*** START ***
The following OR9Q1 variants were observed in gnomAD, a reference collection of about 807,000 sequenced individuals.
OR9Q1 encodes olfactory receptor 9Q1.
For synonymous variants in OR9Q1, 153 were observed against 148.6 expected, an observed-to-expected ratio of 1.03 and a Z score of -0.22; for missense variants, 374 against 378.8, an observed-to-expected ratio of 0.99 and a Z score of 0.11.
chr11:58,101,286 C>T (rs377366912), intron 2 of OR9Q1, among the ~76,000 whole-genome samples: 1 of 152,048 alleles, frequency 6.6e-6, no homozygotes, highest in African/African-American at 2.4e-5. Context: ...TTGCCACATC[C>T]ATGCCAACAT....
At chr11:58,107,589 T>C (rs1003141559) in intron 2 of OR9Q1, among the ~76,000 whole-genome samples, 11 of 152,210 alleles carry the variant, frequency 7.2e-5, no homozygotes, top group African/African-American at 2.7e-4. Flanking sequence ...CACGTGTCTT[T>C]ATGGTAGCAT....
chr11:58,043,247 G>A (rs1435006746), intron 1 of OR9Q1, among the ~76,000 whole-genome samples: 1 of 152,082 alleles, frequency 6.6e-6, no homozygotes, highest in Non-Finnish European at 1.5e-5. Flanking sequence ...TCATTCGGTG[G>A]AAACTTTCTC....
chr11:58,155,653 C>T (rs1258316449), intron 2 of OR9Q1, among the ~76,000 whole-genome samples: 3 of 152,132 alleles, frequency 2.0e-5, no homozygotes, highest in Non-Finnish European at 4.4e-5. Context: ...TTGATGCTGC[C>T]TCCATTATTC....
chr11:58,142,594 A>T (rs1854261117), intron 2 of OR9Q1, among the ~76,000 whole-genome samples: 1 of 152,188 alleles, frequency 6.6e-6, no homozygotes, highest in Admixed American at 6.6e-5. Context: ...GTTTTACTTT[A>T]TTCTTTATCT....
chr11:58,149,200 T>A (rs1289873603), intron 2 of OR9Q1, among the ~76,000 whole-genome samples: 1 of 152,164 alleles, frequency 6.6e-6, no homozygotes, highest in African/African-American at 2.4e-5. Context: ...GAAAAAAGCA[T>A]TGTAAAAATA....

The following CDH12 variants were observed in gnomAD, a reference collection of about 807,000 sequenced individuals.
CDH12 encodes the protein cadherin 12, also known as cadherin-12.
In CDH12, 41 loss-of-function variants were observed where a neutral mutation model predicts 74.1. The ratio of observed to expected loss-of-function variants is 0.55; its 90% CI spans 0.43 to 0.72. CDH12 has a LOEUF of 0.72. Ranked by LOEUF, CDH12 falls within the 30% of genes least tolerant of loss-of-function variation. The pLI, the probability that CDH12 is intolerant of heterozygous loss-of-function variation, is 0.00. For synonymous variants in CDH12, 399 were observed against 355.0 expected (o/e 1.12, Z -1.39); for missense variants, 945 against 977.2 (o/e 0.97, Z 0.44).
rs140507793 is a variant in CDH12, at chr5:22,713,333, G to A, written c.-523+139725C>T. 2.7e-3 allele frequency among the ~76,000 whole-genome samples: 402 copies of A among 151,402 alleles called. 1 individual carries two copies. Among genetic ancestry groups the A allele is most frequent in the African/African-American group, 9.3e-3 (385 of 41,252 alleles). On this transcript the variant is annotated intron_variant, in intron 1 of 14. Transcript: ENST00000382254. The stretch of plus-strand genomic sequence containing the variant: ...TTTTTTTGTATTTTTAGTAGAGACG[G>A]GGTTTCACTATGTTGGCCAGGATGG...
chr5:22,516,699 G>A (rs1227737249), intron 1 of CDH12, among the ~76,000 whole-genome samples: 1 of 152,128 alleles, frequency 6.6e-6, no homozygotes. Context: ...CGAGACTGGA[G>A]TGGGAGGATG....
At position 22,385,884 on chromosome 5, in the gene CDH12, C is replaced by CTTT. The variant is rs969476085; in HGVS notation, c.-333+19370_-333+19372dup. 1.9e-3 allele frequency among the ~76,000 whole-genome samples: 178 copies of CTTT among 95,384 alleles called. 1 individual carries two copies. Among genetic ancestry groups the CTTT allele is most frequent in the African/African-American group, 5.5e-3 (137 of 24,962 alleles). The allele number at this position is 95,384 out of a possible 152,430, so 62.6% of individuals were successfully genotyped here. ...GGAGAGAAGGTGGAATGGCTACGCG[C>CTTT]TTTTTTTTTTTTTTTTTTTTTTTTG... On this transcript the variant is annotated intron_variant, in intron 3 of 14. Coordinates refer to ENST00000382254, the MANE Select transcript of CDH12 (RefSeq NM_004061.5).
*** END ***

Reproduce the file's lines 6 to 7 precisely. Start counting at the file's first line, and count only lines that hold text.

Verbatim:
chr11:58,043,247 G>A (rs1435006746), intron 1 of OR9Q1, among the ~76,000 whole-genome samples: 1 of 152,082 alleles, frequency 6.6e-6, no homozygotes, highest in Non-Finnish European at 1.5e-5. Flanking sequence ...TCATTCGGTG[G>A]AAACTTTCTC....
chr11:58,155,653 C>T (rs1258316449), intron 2 of OR9Q1, among the ~76,000 whole-genome samples: 3 of 152,132 alleles, frequency 2.0e-5, no homozygotes, highest in Non-Finnish European at 4.4e-5. Context: ...TTGATGCTGC[C>T]TCCATTATTC....